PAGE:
There is a significant amount of third-party influence on financial advisers’ investment propositions. Our latest research finds that even portfolios built ‘in-house’ tend to be heavily influenced by external groups such as research agencies, risk profiling tools, DFMs and investment consultants.
We’ve identified three main types of in-house investment propositions:
- Model portfolios: the more process-driven advisers have centralised investment propositions that use risk-rated model portfolios. This is the most common route and makes up the largest share of advised assets.
- Fund picking/bespoke portfolios: there are still a lot of fund pickers out there – either advisers who create bespoke portfolios for every client or those who do it for a few by exception.
- Multi-asset or multi-manager funds: increasing numbers of advisers are using such funds for lower value portfolios.
Investment decisions ultimately lie in the hands of adviser firms for each of these three investment strategies. However, ‘in-house’ tends not to be all that that in-house.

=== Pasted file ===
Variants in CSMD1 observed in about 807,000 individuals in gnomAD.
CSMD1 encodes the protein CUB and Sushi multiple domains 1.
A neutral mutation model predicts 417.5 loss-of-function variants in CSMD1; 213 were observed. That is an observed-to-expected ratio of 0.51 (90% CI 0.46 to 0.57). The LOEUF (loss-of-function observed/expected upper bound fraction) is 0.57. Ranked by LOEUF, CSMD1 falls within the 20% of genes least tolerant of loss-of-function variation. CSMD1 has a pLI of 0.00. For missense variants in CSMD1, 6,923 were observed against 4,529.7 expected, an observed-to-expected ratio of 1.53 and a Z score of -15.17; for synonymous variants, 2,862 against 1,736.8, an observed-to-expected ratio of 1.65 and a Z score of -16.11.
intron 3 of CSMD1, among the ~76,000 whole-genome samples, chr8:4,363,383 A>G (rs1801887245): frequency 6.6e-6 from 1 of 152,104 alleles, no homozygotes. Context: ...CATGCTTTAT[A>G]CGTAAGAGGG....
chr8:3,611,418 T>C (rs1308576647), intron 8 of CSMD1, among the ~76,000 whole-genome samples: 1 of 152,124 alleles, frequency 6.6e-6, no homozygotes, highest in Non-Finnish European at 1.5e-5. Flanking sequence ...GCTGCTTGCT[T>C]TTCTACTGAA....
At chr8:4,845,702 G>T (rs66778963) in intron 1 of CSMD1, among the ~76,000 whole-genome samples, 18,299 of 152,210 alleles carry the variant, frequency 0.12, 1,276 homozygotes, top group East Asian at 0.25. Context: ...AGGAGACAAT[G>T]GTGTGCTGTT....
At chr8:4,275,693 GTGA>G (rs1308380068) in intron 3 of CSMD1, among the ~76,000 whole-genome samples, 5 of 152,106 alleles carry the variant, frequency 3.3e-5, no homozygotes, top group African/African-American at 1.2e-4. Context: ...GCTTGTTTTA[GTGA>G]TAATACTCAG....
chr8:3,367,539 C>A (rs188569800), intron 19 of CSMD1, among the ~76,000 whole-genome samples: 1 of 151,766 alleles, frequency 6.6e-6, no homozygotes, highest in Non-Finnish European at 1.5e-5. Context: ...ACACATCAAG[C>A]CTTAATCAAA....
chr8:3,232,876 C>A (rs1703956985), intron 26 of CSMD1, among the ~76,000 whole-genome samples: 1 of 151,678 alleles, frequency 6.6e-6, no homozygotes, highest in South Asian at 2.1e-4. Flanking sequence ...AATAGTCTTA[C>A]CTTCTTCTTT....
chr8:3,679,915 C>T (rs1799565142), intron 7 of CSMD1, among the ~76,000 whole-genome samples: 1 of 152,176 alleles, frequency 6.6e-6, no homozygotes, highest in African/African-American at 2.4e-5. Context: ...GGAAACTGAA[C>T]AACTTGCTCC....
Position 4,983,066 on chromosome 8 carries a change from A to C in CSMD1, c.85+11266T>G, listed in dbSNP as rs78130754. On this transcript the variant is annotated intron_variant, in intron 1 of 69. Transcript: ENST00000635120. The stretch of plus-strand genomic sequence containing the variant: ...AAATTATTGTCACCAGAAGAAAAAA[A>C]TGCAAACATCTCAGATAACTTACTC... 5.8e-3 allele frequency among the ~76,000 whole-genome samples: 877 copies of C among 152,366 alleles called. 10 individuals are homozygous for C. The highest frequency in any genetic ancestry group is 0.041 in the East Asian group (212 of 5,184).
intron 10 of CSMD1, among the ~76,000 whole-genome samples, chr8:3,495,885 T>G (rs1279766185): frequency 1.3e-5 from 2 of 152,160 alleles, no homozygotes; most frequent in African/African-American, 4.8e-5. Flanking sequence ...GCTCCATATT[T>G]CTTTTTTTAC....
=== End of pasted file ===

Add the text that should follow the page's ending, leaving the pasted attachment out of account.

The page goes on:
Just under two-thirds of advisers admit to being influenced by research agencies and almost all use them in some capacity. This isn’t just advisers filtering by funds with the top ratings. As research agencies have broadened out their capabilities, they have become much more ingrained in advisers’ investment processes.
A recurring theme at last week’s Platforum ID conference was that the value chain between asset managers and end investors is becoming far more crowded with different intermediaries. Successful companies will be those that understand the changing dynamics and pinpoint exactly which influencers they need to be approaching.